Of 700 AMN included in the study, 680 were eligible for analysis. Table 1 gives the number of study participants assigned to the 4 STs using the Fitzpatrick classification scale. The study population consisted of 367 female subjects (54.0%) and 313 male subjects (46.0%) with a median age of 34 years (age range, 8-88 years). No significant differences in the age of individuals within the different ST groups were observed. The median age of individuals with ST I was 36.7 years (age range, 11-64 years), with ST II was 32.8 years (age range, 8-72 years), with ST III was 35.0 years (age range, 6-88 years), and with ST IV was 36.7 years (age range, 15-64 years).
The most prevalent ST was ST III, followed by ST II, ST I, and ST IV (Table 1). The total nevus count most frequently observed was 11 to 50 (57.5%), followed by a nevus count of more than 50 in 189 individuals (27.8%) and fewer than 10 in 100 participants (14.7%). Of the 680 representative nevi selected for dermoscopic evaluation, 592 (87.1%) were located on the trunk and 88 (12.9%) were located on the extremities.
Dermoscopic features scored in our 680 AMN are given in Tables 2, 3, and 4. Among the 3 main categories of dermoscopic features (global pattern, pigment distribution, and color), reticular pattern (39.1%, n = 266), uniform pigment distribution (36.2%, n = 245), and light brown color (71.6%, n = 487) were most frequently seen in the overall sample of AMN. The uniform pigment distribution was most prevalent in patients with a total nevi count of fewer than 50, whereas individuals having more than 50 nevi demonstrated a similar prevalence of the uniform pigment distribution, central hyperpigmentation, multifocal hypopigmentation or hyperpigmentation, or central pigmentation (data not shown). Ten nevi were classified as nonspecific.
Tables 2, 3, and 4 give the absolute numbers, percent prevalences, and ORs adjusted by age, sex, and enrollment center.
Of the 6 global patterns, the reticular pattern was the most frequent in all STs (Table 2). Its prevalence increased with increasing darkening of the skin (OR, 2.80; 95% CI, 1.08-7.26; P = .03, for ST IV compared with ST I). No significant differences were found between the other 5 global patterns and the 4 STs.
Central hypopigmentation was the most frequent type of pigment distribution of nevi in patients with ST I (41.2%; P<.001) (Table 3). Its prevalence gradually decreased with increasing darkening of the skin (Figure 1), and decreased to 7.0% in ST IV (test for trend, P<.001).
Central hyperpigmentation showed an opposite trend, gradually decreasing with increasing lightening of the skin (Figure 1) (test for trend, P<.001), with higher prevalence observed in ST III (OR, 4.45; 95% CI, 1.44-13.74) and ST IV (OR, 13.37; 95% CI, 3.67-48.63), compared with ST I. Although most nevi in ST II and III exhibited uniform pigment distribution (32.4% and 40.3%, respectively), multifocal hyperpigmentation or hypopigmentation was significantly associated with ST II (OR, 5.92; 95% CI, 1.96-17.87) and ST III (OR, 7.24; 95% CI, 2.28-22.92), compared with ST I.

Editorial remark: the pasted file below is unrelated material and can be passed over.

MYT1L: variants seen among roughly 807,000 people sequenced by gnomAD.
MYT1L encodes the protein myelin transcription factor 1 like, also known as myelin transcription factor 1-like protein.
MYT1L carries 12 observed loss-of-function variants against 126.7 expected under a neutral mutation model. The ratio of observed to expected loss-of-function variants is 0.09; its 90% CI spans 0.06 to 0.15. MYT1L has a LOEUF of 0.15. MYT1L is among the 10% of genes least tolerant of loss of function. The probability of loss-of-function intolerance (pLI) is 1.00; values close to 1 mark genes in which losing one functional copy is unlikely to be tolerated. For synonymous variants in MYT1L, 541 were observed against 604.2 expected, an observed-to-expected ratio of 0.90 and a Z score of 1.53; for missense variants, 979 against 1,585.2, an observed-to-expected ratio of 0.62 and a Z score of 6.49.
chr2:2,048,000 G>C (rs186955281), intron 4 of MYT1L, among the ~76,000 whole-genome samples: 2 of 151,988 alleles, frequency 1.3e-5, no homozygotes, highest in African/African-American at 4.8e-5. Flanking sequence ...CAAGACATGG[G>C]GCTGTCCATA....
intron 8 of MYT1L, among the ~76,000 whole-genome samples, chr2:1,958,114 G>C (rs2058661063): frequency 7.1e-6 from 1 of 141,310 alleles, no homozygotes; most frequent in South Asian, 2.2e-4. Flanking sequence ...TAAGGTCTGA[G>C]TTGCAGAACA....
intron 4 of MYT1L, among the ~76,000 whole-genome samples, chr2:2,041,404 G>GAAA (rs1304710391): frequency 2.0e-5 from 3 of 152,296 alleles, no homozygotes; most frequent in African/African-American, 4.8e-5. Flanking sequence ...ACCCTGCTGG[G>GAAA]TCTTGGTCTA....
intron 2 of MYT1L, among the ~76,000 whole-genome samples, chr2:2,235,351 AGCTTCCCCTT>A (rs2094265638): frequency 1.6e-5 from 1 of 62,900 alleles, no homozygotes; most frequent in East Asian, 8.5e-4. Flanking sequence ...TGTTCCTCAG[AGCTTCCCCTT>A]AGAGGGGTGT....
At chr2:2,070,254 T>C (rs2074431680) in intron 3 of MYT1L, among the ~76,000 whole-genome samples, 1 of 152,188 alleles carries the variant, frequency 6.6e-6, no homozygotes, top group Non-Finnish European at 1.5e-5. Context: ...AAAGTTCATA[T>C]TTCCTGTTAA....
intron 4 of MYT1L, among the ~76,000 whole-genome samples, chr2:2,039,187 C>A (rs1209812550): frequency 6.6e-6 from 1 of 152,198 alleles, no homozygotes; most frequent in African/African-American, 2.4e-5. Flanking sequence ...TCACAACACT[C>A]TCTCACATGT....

Light brown and dark brown showed remarkable differences in the 4 ST groups (Table 4). Light brown gradually decreased with increasing darkening of the skin (test for trend, P<.001), and dark brown gradually increased with increasing darkening of the skin (test for trend, P<.001) (Figure 1). Most nevi were light brown in ST I and II, whereas dark brown was more frequent in ST III (adjusted OR, 9.32; 95% CI, 2.08-41.71) and ST IV (adjusted OR, 16.72; 95% CI, 3.34-83.63) than in ST I and II.
The most striking result of our study is that individuals with different STs are prone to different nevus types in terms of pigment distribution, color, and, to some extent, global dermoscopic pattern. In ST I, the prevalent nevus type was characterized by central hypopigmentation and light brown color (Figure 2), whereas in ST IV, nevi exhibited central hyperpigmentation and dark brown color (Figure 3). In ST II and III, a significant association was seen with nevi exhibiting multifocal hyperpigmentation or hypopigmentation (Figure 4). Although the pigment network showed higher prevalence in darker STs, this global pattern was the most frequent in all ST groups. This is not surprising given the median age of our patients (34 years). As previously demonstrated, the reticular pattern is the most frequently seen at this age.12
In Figure 1, the changing dermoscopic profile for pigment distribution and color is shown for the various STs. The changes are represented by a gradual increasing or decreasing trend among the 4 STs.
The observed differences in pigment distribution and color among the 4 ST groups might be explained by the different dispersion or activation levels of melanosomes in melanocytes and their ratio of pheomelanin to eumelanin production in the various STs.17 In general, melanosomes in fair STs are clustered and small, less activated, and produce higher levels of pheomelanin (ie, red to yellow pigment). In contrast, in dark STs, melanosomes are homogeneously dispersed, large and activated, and produce higher levels of eumelanin, which is responsible for the dark brown to black coloration.